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Rory Calhoun
(Francis Timothy McCown, August 8, 1922 – April 28, 1999)

Rory Calhoun was born 99 years ago today. Here he is with Peggie Castle in The Yellow Tomahawk (1954).

The Yellow Tomahawk is a pretty good picture. It’s not on DVD or Blu-Ray — and when you find it somewhere, it’s never in color.

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The Lost City Of Gold.

Sorry, kids, but the Dora movie coming out this week is really bogus. We all know The Lone Ranger already found the Lost City Of Gold. Unless, of course, somebody lost it again.

I’ll take Jay Silverheels over a CGI monkey any day.

At long last, my book A Million Feet Of Film: The Making Of One-Eyed Jacks is actually available. All told, it took Brando five years to make the movie — and me almost 10 to write about it.

What Happens When “The World’s Greatest Actor”
Directs A Cowboy Movie?

We expected the unexpected, and that’s what we got.” — Martin Scorsese
More than three years from contracts to premiere. Six months of shooting. A thousand takes. Almost 200 miles of negative exposed. A revolving door of personnel, including Rod Serling, Sam Peckinpah and Stanley Kubrick — all of them gone before the first frame was shot. A budget that ballooned from $1.8 million to $6 million. And the eventual takeover of the film by Paramount.

If we’d made it the way Marlon wanted it made… it could have been a breakthrough Western.” — Karl Malden

A Million Feet Of Film is the story of One-Eyed Jacks (1961), Marlon Brando’s first, and only, time as director and a picture that may be better known for its troubled production than its merits as a film. 
It was an ass-breaker.” — Marlon Brando


A Million Feet Of Film
is now available from Amazon. Click the sign to get yours today.

A Million Feet Of Film: The Making Of One-Eyed Jacks is the story of Marlon Brando’s One-Eyed Jacks, his first, and only, time as director and a picture that may be better known for its troubled production than its merits as a film. 

More than three years from contracts to premiere. Six months of shooting. Almost 200 miles of negative exposed. A revolving door of personnel, including Rod Serling, Sam Peckinpah and Stanley Kubrick — all gone before the first frame was shot. A budget that ballooned from $1.8 million to $6 million. And the eventual takeover of the film by Paramount. Click the cover to order.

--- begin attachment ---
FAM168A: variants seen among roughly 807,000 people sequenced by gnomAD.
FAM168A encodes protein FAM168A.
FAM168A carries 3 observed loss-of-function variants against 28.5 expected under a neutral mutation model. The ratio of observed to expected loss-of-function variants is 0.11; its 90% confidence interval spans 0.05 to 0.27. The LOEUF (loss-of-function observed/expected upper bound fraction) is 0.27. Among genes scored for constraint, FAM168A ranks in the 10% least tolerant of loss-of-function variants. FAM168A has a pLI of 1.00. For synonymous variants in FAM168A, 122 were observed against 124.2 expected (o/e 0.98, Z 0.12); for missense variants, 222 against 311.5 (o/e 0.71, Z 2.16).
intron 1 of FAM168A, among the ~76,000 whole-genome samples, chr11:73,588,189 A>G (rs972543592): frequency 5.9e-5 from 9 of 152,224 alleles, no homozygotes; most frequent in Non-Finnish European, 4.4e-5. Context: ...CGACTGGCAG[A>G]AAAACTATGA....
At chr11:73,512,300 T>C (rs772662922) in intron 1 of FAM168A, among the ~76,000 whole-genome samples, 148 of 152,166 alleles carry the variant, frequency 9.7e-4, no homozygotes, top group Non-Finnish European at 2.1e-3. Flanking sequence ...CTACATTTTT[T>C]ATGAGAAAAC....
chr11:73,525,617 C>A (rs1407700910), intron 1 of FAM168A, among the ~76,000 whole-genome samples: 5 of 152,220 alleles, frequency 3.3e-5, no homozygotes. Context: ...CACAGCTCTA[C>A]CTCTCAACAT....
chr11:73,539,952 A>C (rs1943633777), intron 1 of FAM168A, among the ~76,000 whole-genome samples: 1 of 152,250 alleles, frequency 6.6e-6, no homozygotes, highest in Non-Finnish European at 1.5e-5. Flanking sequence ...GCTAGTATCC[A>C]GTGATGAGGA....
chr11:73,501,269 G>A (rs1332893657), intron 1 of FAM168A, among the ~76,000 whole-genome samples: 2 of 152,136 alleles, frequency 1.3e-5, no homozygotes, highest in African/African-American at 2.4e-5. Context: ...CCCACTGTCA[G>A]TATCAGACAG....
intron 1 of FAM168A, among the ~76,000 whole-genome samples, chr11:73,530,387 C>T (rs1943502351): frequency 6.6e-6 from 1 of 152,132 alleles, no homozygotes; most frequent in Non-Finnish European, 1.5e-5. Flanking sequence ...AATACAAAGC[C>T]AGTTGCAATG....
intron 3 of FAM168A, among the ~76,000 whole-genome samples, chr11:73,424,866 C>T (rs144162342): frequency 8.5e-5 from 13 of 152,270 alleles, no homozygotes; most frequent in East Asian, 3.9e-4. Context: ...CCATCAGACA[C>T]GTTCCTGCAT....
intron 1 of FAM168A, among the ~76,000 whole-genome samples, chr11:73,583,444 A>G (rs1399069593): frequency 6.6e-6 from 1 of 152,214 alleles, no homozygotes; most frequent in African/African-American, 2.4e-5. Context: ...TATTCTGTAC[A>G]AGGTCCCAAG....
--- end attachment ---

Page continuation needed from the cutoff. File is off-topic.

Directed by Lewis D. Collins
Produced by Vincent M. Fennelly
Written by Daniel B. Ullman
Director Of Photography: Ernest Miller
Music by Raoul Kraushaar
Film Editor: Sam Fields

Cast: Wild Bill Elliott (Matt Boone), I. Stanford Jolley (Curly Ivers), Pamela Blake (Kathy Clark), Paul Fierro (Lou Garcia), Rand Brooks (Al), Richard Avonde (Pedro), Pierce Lyden (Farley), Lane Bradford (Wallace), Terry Frost (Will Richards), Stanley Price (Sheriff), Stanley Andrews (Judge), Michael Whalen (Barnes), Ray Bennett (Bull Clark), House Peters Jr. (Doctor)

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Seems like it’s time for a Wild Bill Wednesday. So let’s go to Waco (1952).

A little backstory. William Elliott and Republic Pictures parted ways in 1950. It wasn’t long before Elliott started making low-budget Westerns at Monogram. By the time the series was over, Monogram had become Allied Artists, 1.85 had become the standard aspect ratio for American cinema, and the B Western was dead. These 11 pictures — Waco was the second — made sure the B Western went out on a high note.

Matt Boone (Elliott) leaves Waco, Texas in a hurry after killing the crooked gambler Bull Clark (Ray Bennett) in self defense — he knows he won’t get a fair trial. Boone falls in with a gang of outlaws and is shot and captured when a bank job in Pecos goes wrong. Two of Waco’s prominent citizens bring Elliott back to Waco. They believe in his innocence (they saw Clark draw first) and need him to clean up their town. He’s elected sheriff. Only trouble is, his old gang (led by I. Stanford Jolley) and the gambler’s daughter (Pamela Blake) aren’t too keen on the idea.

These Monogram and Allied Artists pictures are a bit darker, more “adult,” than your typical B Western. The budget limitations are certainly obvious, but William Elliott’s as reliable as ever — and in this one, he gets to play the “good badman” type of role he liked so much, patterned after William S. Hart.

I’m a peaceable man and I’m not lookin’ for trouble. I’m not runnin’ from it neither.”

Waco comes from a pretty tight script by Dan Ullman. Ullman wrote plenty of 50s Westerns, from programmers like Kansas Pacific (1953) with Sterling Hayden to the excellent Face Of A Fugitive (1959), starring Fred MacMurray. It was directed by Lewis D. Collins, who started with silent shorts, made a boatload of pictures and passed away a few years after this one.

Pamela Blake’s part here doesn’t give her a whole lot to do. She stayed plenty busy — everything from This Gun For Hire (1942) to the serial Ghost Of Zorro (1949) at Republic to Live Wires (1946), the first Bowery Boys movie, to The Sea Hound (1947), a Sam Katzman serial at Columbia. Waco was her last feature — she worked on TV for a while, then retired to raise a family. I. Stanford Jolley, who’s got a great part here as a not-as-bad-as-you-thought outlaw, appeared in hundreds of Westerns, including a number of these Elliott pictures. It’s always a plus when he turns up in the credits (or in the back of a crowd working without credit).